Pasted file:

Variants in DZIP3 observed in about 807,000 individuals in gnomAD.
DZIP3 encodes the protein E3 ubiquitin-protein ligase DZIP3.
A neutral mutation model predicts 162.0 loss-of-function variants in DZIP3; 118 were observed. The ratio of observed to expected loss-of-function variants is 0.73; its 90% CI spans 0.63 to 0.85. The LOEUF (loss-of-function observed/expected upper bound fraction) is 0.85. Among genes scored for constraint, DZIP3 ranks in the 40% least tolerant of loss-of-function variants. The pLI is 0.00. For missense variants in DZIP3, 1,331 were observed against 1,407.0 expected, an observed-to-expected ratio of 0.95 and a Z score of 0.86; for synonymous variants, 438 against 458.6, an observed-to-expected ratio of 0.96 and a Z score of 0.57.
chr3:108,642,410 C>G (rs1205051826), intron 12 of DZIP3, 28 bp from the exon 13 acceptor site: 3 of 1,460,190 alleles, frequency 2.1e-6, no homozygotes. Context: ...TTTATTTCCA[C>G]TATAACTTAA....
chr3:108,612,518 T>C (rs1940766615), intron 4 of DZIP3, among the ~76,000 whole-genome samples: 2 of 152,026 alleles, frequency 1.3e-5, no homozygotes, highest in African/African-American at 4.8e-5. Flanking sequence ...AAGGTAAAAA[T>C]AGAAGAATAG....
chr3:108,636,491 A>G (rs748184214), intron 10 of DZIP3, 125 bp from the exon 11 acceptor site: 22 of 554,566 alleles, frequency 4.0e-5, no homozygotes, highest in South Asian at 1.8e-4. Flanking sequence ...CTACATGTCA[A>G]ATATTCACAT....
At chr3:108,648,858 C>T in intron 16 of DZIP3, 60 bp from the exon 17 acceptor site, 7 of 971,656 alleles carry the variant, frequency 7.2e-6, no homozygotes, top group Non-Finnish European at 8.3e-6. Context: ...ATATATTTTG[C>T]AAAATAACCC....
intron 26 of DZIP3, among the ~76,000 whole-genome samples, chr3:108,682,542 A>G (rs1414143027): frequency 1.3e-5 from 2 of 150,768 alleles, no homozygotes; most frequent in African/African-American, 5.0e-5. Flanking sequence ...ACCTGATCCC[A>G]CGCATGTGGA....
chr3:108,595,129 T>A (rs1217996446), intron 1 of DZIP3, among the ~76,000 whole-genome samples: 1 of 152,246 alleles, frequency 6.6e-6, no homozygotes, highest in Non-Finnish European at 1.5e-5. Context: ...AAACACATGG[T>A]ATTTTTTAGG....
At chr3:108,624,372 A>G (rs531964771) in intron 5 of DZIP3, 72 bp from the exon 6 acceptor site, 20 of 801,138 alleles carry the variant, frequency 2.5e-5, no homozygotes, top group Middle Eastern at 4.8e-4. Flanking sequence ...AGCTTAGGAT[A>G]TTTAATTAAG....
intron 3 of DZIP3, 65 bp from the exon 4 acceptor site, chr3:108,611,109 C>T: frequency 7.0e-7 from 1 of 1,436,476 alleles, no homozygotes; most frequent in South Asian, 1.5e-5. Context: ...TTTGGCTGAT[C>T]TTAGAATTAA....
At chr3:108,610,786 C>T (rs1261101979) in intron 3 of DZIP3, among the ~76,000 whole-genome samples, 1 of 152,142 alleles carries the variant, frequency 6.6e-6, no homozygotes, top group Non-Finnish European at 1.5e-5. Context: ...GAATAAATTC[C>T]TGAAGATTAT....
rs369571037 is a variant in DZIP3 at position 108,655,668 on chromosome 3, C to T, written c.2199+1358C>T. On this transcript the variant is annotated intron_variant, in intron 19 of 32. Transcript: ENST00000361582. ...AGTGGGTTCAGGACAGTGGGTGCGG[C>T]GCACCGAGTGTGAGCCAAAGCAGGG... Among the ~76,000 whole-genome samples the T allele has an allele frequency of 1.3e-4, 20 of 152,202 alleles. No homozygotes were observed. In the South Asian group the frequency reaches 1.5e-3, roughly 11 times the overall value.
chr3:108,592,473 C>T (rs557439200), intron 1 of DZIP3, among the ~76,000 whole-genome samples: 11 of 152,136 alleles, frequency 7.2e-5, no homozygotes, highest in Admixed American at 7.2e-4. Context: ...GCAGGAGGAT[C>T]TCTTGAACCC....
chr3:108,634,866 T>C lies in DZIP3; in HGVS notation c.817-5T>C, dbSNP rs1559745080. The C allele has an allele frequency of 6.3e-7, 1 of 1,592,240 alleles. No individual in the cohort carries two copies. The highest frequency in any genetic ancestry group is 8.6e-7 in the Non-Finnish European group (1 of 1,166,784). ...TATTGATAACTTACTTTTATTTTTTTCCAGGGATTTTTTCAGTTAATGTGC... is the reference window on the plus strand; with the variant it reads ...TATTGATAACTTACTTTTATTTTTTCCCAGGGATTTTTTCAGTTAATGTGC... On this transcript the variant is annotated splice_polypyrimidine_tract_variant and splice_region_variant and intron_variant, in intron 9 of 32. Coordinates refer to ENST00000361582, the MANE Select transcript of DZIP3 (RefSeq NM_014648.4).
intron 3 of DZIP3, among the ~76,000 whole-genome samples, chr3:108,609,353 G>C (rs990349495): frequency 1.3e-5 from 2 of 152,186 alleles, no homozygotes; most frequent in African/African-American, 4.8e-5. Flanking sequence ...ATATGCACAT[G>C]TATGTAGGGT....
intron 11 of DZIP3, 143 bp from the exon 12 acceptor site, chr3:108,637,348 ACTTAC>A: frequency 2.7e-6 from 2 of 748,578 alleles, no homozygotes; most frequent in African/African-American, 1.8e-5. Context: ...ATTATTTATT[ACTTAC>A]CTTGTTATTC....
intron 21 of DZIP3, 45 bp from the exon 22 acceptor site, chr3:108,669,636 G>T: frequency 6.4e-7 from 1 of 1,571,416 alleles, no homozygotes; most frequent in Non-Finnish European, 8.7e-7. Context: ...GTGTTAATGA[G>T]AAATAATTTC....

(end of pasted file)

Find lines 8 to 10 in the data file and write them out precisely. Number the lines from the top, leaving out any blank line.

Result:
intron 26 of DZIP3, among the ~76,000 whole-genome samples, chr3:108,682,542 A>G (rs1414143027): frequency 1.3e-5 from 2 of 150,768 alleles, no homozygotes; most frequent in African/African-American, 5.0e-5. Flanking sequence ...ACCTGATCCC[A>G]CGCATGTGGA....
chr3:108,595,129 T>A (rs1217996446), intron 1 of DZIP3, among the ~76,000 whole-genome samples: 1 of 152,246 alleles, frequency 6.6e-6, no homozygotes, highest in Non-Finnish European at 1.5e-5. Context: ...AAACACATGG[T>A]ATTTTTTAGG....
At chr3:108,624,372 A>G (rs531964771) in intron 5 of DZIP3, 72 bp from the exon 6 acceptor site, 20 of 801,138 alleles carry the variant, frequency 2.5e-5, no homozygotes, top group Middle Eastern at 4.8e-4. Flanking sequence ...AGCTTAGGAT[A>G]TTTAATTAAG....